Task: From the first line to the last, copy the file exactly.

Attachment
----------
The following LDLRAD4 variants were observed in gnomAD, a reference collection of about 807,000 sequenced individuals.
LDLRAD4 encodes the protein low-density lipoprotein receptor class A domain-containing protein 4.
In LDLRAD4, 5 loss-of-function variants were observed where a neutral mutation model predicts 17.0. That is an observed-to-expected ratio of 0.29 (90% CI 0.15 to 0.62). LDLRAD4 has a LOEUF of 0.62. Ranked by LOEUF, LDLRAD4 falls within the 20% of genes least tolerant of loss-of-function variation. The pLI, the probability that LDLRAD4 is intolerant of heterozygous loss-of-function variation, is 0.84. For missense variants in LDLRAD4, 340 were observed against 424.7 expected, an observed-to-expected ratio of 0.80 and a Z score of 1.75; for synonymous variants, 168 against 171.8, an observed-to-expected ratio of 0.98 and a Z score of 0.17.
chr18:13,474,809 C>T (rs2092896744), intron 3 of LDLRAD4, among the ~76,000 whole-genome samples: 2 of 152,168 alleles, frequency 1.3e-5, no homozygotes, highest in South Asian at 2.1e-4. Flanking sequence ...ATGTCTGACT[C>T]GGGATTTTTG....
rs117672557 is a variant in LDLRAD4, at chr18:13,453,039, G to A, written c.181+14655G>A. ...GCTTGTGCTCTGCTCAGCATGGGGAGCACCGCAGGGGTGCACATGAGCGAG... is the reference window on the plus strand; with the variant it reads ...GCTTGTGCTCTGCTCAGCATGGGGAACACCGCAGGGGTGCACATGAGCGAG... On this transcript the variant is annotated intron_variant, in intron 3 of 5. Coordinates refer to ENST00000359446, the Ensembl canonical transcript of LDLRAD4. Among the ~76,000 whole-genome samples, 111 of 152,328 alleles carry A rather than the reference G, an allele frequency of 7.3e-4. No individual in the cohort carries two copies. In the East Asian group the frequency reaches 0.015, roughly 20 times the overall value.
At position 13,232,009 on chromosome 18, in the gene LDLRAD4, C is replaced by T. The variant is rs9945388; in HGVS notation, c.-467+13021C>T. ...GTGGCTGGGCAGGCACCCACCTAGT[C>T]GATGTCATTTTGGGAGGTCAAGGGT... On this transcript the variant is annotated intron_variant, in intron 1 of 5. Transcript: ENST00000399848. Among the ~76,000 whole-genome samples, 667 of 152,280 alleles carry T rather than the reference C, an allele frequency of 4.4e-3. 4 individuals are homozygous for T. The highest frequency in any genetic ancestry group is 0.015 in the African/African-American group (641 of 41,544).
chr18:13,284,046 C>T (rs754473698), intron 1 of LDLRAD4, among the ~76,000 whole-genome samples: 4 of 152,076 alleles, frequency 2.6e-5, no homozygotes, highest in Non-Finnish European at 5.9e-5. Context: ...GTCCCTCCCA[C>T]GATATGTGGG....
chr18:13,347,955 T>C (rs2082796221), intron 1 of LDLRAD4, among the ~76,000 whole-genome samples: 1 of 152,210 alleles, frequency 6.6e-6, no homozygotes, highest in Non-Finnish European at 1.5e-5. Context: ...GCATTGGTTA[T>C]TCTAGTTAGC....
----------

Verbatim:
The following LDLRAD4 variants were observed in gnomAD, a reference collection of about 807,000 sequenced individuals.
LDLRAD4 encodes the protein low-density lipoprotein receptor class A domain-containing protein 4.
In LDLRAD4, 5 loss-of-function variants were observed where a neutral mutation model predicts 17.0. That is an observed-to-expected ratio of 0.29 (90% CI 0.15 to 0.62). LDLRAD4 has a LOEUF of 0.62. Ranked by LOEUF, LDLRAD4 falls within the 20% of genes least tolerant of loss-of-function variation. The pLI, the probability that LDLRAD4 is intolerant of heterozygous loss-of-function variation, is 0.84. For missense variants in LDLRAD4, 340 were observed against 424.7 expected, an observed-to-expected ratio of 0.80 and a Z score of 1.75; for synonymous variants, 168 against 171.8, an observed-to-expected ratio of 0.98 and a Z score of 0.17.
chr18:13,474,809 C>T (rs2092896744), intron 3 of LDLRAD4, among the ~76,000 whole-genome samples: 2 of 152,168 alleles, frequency 1.3e-5, no homozygotes, highest in South Asian at 2.1e-4. Flanking sequence ...ATGTCTGACT[C>T]GGGATTTTTG....
rs117672557 is a variant in LDLRAD4, at chr18:13,453,039, G to A, written c.181+14655G>A. ...GCTTGTGCTCTGCTCAGCATGGGGAGCACCGCAGGGGTGCACATGAGCGAG... is the reference window on the plus strand; with the variant it reads ...GCTTGTGCTCTGCTCAGCATGGGGAACACCGCAGGGGTGCACATGAGCGAG... On this transcript the variant is annotated intron_variant, in intron 3 of 5. Coordinates refer to ENST00000359446, the Ensembl canonical transcript of LDLRAD4. Among the ~76,000 whole-genome samples, 111 of 152,328 alleles carry A rather than the reference G, an allele frequency of 7.3e-4. No individual in the cohort carries two copies. In the East Asian group the frequency reaches 0.015, roughly 20 times the overall value.
At position 13,232,009 on chromosome 18, in the gene LDLRAD4, C is replaced by T. The variant is rs9945388; in HGVS notation, c.-467+13021C>T. ...GTGGCTGGGCAGGCACCCACCTAGT[C>T]GATGTCATTTTGGGAGGTCAAGGGT... On this transcript the variant is annotated intron_variant, in intron 1 of 5. Transcript: ENST00000399848. Among the ~76,000 whole-genome samples, 667 of 152,280 alleles carry T rather than the reference C, an allele frequency of 4.4e-3. 4 individuals are homozygous for T. The highest frequency in any genetic ancestry group is 0.015 in the African/African-American group (641 of 41,544).
chr18:13,284,046 C>T (rs754473698), intron 1 of LDLRAD4, among the ~76,000 whole-genome samples: 4 of 152,076 alleles, frequency 2.6e-5, no homozygotes, highest in Non-Finnish European at 5.9e-5. Context: ...GTCCCTCCCA[C>T]GATATGTGGG....
chr18:13,347,955 T>C (rs2082796221), intron 1 of LDLRAD4, among the ~76,000 whole-genome samples: 1 of 152,210 alleles, frequency 6.6e-6, no homozygotes, highest in Non-Finnish European at 1.5e-5. Context: ...GCATTGGTTA[T>C]TCTAGTTAGC....